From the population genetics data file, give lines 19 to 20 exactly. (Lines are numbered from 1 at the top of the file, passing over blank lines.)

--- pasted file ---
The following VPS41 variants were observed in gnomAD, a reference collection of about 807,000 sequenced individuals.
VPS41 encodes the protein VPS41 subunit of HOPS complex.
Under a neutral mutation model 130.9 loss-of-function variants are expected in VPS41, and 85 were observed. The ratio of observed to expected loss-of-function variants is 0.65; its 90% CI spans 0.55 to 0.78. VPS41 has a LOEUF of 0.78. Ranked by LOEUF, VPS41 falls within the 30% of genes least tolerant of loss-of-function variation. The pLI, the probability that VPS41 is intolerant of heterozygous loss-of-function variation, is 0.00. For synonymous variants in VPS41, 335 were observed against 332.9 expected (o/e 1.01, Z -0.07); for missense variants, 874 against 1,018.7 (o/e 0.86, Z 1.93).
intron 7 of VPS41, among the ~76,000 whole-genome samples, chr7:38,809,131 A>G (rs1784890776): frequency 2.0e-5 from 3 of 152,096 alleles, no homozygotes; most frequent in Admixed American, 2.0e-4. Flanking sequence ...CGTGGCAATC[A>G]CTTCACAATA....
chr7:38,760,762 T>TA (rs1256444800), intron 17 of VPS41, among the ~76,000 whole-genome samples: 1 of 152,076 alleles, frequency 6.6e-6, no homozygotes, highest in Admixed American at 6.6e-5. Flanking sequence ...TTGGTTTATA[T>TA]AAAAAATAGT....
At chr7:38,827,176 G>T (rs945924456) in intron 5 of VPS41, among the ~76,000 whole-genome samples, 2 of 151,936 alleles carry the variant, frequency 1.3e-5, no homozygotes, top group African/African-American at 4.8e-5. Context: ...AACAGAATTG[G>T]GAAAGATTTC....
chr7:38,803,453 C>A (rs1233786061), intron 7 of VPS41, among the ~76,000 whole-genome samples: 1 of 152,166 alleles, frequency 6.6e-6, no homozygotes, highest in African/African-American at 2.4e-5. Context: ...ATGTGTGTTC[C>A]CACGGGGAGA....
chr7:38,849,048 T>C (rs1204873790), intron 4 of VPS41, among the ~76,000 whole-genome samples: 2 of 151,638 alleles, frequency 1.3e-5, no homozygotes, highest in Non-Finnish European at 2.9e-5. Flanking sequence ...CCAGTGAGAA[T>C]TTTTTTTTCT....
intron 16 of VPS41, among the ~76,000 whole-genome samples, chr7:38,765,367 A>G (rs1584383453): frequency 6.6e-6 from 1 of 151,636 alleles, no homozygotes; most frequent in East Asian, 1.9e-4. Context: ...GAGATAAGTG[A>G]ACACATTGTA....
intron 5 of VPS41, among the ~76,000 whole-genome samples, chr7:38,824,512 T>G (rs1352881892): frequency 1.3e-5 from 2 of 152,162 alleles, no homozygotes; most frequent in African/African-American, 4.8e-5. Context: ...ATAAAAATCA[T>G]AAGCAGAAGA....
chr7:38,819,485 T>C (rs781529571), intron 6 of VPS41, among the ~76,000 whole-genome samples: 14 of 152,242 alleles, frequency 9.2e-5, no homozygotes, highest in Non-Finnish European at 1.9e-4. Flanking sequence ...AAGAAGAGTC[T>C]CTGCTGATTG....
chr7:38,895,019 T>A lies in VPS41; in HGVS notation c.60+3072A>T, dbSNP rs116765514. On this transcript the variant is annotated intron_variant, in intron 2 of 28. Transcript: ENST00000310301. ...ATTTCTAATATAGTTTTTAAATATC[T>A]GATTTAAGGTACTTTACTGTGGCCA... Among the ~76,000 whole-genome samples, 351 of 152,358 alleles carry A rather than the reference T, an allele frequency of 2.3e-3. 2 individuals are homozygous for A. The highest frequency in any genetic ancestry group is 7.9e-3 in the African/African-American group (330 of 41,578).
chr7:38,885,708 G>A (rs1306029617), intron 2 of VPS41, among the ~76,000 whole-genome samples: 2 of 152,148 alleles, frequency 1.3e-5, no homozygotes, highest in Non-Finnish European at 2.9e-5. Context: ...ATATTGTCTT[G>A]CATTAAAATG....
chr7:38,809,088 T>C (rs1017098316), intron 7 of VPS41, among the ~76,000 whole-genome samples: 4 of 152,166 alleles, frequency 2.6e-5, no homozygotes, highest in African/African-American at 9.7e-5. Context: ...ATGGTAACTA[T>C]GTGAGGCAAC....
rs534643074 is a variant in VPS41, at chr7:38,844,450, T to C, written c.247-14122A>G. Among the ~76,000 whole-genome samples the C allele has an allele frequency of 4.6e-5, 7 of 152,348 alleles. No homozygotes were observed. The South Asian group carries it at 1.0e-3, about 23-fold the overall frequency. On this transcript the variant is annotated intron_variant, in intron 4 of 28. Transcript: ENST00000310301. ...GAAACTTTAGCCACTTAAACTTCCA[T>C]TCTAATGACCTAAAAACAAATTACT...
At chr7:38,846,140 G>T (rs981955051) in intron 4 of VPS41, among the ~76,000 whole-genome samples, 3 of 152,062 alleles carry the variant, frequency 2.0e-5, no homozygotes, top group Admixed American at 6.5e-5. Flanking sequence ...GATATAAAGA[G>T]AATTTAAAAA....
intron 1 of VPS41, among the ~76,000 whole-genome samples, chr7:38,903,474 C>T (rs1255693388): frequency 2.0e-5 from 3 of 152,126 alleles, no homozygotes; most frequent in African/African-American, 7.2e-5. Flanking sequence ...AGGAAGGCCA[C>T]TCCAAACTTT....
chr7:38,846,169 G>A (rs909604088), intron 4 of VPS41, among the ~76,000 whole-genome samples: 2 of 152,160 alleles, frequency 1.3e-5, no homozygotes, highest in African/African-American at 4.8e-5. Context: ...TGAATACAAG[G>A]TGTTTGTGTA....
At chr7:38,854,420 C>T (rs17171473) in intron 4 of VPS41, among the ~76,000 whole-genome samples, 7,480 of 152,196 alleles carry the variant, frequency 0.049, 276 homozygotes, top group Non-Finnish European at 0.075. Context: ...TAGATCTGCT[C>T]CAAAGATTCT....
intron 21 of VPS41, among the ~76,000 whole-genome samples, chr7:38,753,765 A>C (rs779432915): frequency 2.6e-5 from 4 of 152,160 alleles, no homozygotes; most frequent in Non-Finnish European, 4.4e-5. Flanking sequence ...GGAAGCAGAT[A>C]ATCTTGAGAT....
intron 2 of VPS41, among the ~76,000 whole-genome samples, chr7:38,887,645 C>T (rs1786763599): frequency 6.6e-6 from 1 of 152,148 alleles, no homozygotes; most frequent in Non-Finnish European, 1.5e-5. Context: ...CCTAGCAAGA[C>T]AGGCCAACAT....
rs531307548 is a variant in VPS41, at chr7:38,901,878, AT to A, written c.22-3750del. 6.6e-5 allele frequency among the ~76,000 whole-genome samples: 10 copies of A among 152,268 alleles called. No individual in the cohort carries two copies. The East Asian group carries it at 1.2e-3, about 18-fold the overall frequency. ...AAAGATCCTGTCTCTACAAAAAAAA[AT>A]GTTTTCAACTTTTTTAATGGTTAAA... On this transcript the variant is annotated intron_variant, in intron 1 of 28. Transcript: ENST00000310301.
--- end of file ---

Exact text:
At chr7:38,854,420 C>T (rs17171473) in intron 4 of VPS41, among the ~76,000 whole-genome samples, 7,480 of 152,196 alleles carry the variant, frequency 0.049, 276 homozygotes, top group Non-Finnish European at 0.075. Context: ...TAGATCTGCT[C>T]CAAAGATTCT....
intron 21 of VPS41, among the ~76,000 whole-genome samples, chr7:38,753,765 A>C (rs779432915): frequency 2.6e-5 from 4 of 152,160 alleles, no homozygotes; most frequent in Non-Finnish European, 4.4e-5. Flanking sequence ...GGAAGCAGAT[A>C]ATCTTGAGAT....